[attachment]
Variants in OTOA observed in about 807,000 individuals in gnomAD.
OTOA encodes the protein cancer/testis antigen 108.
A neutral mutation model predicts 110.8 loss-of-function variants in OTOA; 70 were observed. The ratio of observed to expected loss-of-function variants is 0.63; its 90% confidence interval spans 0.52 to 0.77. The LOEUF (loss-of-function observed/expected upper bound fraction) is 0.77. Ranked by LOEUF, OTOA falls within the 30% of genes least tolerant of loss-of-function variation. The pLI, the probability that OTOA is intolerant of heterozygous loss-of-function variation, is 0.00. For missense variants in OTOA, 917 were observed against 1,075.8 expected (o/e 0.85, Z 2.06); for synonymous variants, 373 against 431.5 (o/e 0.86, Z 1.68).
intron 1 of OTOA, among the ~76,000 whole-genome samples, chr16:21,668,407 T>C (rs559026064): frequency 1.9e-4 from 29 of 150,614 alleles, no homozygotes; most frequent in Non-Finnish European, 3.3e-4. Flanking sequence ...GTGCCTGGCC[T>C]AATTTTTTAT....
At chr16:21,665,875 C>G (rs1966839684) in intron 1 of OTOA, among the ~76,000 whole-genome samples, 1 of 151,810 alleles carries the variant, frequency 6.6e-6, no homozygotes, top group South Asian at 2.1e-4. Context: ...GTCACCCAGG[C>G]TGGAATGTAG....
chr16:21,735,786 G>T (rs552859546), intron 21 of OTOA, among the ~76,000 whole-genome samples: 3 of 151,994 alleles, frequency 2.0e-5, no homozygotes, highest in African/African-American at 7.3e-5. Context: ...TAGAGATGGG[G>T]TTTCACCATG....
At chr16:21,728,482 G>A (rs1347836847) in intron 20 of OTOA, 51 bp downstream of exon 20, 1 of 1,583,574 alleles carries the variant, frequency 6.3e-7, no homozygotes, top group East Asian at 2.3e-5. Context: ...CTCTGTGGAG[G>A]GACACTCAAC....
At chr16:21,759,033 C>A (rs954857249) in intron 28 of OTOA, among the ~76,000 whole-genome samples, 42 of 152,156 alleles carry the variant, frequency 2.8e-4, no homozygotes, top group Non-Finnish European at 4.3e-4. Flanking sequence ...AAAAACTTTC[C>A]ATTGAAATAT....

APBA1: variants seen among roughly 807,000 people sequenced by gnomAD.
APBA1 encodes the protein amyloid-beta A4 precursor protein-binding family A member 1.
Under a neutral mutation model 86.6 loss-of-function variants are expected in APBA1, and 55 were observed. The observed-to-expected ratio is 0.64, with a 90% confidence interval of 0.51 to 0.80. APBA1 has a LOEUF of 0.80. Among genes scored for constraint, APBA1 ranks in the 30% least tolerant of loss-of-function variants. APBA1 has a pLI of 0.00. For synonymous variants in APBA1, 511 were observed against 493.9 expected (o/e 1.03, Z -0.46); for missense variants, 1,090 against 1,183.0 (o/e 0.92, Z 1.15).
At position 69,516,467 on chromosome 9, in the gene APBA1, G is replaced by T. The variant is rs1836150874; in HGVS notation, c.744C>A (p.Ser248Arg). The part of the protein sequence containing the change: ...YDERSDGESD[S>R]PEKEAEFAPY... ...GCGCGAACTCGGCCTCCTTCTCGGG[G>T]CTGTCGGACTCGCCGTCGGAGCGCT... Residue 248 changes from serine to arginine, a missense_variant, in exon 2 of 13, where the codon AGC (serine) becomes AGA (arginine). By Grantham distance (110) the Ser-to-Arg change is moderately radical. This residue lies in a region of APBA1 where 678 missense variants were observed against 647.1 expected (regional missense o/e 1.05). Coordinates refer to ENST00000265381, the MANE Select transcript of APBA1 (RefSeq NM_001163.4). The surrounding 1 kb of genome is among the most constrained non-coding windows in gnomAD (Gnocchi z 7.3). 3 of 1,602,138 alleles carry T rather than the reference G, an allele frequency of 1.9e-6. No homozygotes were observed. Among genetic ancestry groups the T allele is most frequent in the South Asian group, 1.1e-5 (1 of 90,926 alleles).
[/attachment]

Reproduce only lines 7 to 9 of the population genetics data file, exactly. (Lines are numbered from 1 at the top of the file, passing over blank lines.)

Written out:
At chr16:21,728,482 G>A (rs1347836847) in intron 20 of OTOA, 51 bp downstream of exon 20, 1 of 1,583,574 alleles carries the variant, frequency 6.3e-7, no homozygotes, top group East Asian at 2.3e-5. Context: ...CTCTGTGGAG[G>A]GACACTCAAC....
At chr16:21,759,033 C>A (rs954857249) in intron 28 of OTOA, among the ~76,000 whole-genome samples, 42 of 152,156 alleles carry the variant, frequency 2.8e-4, no homozygotes, top group Non-Finnish European at 4.3e-4. Flanking sequence ...AAAAACTTTC[C>A]ATTGAAATAT....

APBA1: variants seen among roughly 807,000 people sequenced by gnomAD.